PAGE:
"Tell the folks back home this is the promised land callin', and the poor boy's on the line!" Oh man, I am so old, but hey, not even my taste in music is close to as old as Hal Holbrook, yet that's not going to stop him from working until he, I don't know, gets a haircut and loses his power, which just has to be growing with each passing year in which Holbrook sustains the same hairdo he's always had (87 years old, and that do is still lookin' good; nice work, Hal), and appears to be stored in Holbrook's ears. I know ages comes with ear expansion, but seriously, I kept waiting for Holbrook to challenge John Krasinski to an air race, even though Krasinski was sure to win, seeing as how he's got those kind of gliding ears. Speaking of Dumbo, John Krasinski's a decent-looking dude and all, but he looks a little bit like a cartoon, so I guess that means that Emily Blunt really is perfect for him, which is probably why Krasinski's in this film keeping an eye on Matt Damon, Blunt's co-star in last year's "The Adjustment Bureau" (Shoot, even I'm impressed to see that I remembered that film), because he doesn't want to run the risk of having good ol' Will Hunting go back to his days of "hunting" out the English ladies. Shoot, Krainski is hanging out with Damon so much that he's gone so far as to co-write this film's screenplay, so if anyone's relationship is threatened here, it's Ben Affleck's relationship with Damon, and it doesn't really help that this film is directed by Gus Van Sant, the very guy who helped give Affleck and Damon their big break. That's right, folks, the Damon-Van Sant dream team is back together, only without Chuckie Sullivan, which is a shame, because you should never have to choose between your kids, though, if you ask me, if Van Sant is to stick with any young star from his "Good Will Hunting" days, it is, well, probably Ben Affleck, because while he's off making "Argo", Damon is the one who's making the improvable decisions. No, people, this film is decent, but really, this film doesn't quite deliver on the goods that its concept - yes, I'm gonna say it... here it comes... get ready... - "proposed" (Ha!), though certainly delivers on some flaws.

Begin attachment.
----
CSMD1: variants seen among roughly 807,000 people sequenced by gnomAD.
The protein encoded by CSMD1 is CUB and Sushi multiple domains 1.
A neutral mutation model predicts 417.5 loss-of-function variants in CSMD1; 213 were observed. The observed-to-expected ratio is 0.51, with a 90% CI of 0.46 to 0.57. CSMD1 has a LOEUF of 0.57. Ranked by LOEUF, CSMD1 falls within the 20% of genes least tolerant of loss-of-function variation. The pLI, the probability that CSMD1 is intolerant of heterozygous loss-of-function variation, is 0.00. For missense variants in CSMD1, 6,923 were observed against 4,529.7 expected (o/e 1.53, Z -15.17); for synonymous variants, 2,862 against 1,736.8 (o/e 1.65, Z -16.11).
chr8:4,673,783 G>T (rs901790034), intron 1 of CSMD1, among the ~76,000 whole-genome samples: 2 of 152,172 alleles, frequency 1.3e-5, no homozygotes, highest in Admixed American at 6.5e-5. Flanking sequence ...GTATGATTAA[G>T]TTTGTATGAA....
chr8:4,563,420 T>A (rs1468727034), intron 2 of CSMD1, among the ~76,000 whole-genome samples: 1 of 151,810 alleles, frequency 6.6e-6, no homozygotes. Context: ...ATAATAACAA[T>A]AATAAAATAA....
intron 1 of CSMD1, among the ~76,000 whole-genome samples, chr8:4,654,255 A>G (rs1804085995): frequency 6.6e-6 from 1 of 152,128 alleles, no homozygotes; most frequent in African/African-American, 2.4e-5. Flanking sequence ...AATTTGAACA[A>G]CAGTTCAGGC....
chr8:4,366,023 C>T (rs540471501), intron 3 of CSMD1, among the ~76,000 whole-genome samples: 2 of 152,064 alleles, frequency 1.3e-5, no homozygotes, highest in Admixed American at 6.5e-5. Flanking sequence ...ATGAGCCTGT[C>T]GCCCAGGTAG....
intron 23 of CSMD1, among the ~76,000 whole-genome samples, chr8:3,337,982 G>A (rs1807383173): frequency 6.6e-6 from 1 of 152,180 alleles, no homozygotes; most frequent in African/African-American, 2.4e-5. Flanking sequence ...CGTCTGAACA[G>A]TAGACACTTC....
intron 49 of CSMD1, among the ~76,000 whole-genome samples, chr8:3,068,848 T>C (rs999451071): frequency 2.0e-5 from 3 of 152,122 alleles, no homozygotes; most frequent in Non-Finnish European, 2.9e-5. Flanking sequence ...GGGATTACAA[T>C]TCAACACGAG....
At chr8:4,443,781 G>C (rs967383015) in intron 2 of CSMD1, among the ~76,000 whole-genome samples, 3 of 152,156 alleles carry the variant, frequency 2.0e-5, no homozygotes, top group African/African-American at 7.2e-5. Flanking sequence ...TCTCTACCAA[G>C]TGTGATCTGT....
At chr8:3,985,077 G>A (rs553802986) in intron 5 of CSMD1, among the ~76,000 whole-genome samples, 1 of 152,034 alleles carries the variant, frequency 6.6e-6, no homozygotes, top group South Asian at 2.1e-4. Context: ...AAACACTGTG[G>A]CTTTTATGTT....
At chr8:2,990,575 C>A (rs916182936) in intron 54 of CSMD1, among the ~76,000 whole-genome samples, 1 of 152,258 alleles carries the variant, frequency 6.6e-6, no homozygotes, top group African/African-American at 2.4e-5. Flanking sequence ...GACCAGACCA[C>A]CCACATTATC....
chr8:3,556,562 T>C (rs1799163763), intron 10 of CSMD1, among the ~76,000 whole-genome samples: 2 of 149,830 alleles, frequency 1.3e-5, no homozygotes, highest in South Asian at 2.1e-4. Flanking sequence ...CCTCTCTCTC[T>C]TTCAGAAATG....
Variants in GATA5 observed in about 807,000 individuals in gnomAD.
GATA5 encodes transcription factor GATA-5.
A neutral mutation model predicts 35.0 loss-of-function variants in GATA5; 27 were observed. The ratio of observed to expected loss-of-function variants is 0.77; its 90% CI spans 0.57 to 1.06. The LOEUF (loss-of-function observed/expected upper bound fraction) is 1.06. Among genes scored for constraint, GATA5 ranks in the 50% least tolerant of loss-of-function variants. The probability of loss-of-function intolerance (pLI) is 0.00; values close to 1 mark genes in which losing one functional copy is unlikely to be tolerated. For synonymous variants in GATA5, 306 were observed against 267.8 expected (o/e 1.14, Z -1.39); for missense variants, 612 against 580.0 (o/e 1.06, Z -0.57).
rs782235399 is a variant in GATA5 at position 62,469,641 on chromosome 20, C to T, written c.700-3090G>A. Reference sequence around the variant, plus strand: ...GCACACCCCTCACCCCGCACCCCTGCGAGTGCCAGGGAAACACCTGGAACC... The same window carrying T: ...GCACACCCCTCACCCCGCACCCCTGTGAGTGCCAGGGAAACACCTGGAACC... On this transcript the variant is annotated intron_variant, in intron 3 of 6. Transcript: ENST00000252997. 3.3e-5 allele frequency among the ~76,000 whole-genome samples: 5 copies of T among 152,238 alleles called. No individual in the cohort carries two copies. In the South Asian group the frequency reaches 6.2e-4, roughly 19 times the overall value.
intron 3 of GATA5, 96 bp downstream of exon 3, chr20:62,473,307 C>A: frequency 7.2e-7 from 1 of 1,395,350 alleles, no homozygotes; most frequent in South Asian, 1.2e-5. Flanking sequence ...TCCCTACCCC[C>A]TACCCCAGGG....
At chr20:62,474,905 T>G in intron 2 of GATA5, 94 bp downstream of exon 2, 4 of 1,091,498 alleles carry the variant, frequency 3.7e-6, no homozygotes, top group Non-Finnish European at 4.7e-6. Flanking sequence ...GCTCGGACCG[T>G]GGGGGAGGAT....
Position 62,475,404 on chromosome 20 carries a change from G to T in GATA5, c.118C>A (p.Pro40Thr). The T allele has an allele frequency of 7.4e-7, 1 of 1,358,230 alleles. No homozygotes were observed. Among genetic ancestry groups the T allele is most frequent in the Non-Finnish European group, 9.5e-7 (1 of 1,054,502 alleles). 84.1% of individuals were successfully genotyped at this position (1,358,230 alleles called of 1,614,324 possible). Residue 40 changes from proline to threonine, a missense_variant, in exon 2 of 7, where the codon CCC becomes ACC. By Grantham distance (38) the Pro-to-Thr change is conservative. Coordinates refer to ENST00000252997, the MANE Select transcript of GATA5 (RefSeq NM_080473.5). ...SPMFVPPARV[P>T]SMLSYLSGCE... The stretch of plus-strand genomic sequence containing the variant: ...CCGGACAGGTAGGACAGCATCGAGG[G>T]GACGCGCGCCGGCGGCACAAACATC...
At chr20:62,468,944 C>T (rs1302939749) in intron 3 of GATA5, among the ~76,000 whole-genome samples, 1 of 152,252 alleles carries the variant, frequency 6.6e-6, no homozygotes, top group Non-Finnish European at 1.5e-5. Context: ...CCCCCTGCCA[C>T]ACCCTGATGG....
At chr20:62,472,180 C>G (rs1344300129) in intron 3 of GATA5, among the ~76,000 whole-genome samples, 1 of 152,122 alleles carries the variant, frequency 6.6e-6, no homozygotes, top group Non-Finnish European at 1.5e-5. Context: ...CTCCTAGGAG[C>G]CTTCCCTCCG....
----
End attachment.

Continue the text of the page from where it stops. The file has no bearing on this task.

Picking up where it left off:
The film entertains just fine, and such entertainment value really helps in getting the final product by, yet after a while, as with plenty of other Gus Van Sant films, all of that fun dies down a bit, never to slip into dullness, but nevertheless dip just enough in kick to bland things up a bit and somewhat distance investment. At the very least, this film's slow spells get to be bland enough to simply distance engagement value, leaving the film to, at least for a moment, find itself unable to fully sustain your attention, and it doesn't help that this film's story structure sometimes finds itself limply dragged out a bit by a degree of repetition that further distances emotional investment, and isn't exactly the only flaw in this film's script. I don't know if it's because Ben Affleck is a stronger writer than Matt Damon, who Affleck made look better, or because John Krasinski is a weaker writer than Damon, who Krasinksi drags down, but either way, the fact of the matter is that, in this film, we're definately not looking at the Oscar-winning script that stood behind "Good Will Hunting", for although Damon's and Krasinski's script is decently colorful, you can expect to see this film slip into quite a few writing hiccups, or, at the very least, plotting tropes, as this film is not too much more than nothing if not conventional, hitting one familiar plot and characterization beat after another, until predictability sets in, or at least seems to, as this film ends on a note whose weakness is hard to see coming. Okay, now, maybe this film's conclusion isn't quite as frustrating as some say, but it does offer a lapse in intelligence that certainly throws you off as a particular height in the superficiality that can, to one degree or another, be found more than it should throughout the film, establishing characters with only so many genuine layers, and delivering certain controversial themes rather heavy-handedly. This film is a liberal one, and while there are a few notes to this project's agenda that I find somewhat noble, I'm not entirely on board with this film's thematic depth, which is made all the more disoncerting by pieces of intelligence's going all too often met by pieces of superficiality that not only drain thematic depth of much in the way of subtlety, but dilute the full punch behind this film's reasonably promising story concept, thus the fair deal of thin spots in said story concept go brought more to attention. It's not like the film was to ever be too strong, as its story concept, while with potential, isn't without its relatively thin spots, yet a bit too much goes undercut by a flawed script and often kind of bland storytelling, until what remains of a promising plot is a cliched, somewhat superficial, overambitious and altogether barely all that memorable effort. Still, no matter how much the film disappoints, in a few ways, the final product never comes out so underwhelming that you can't stick with it, as it, as I said, succeeds just fine as entertainment, or at least as a visually handsome film.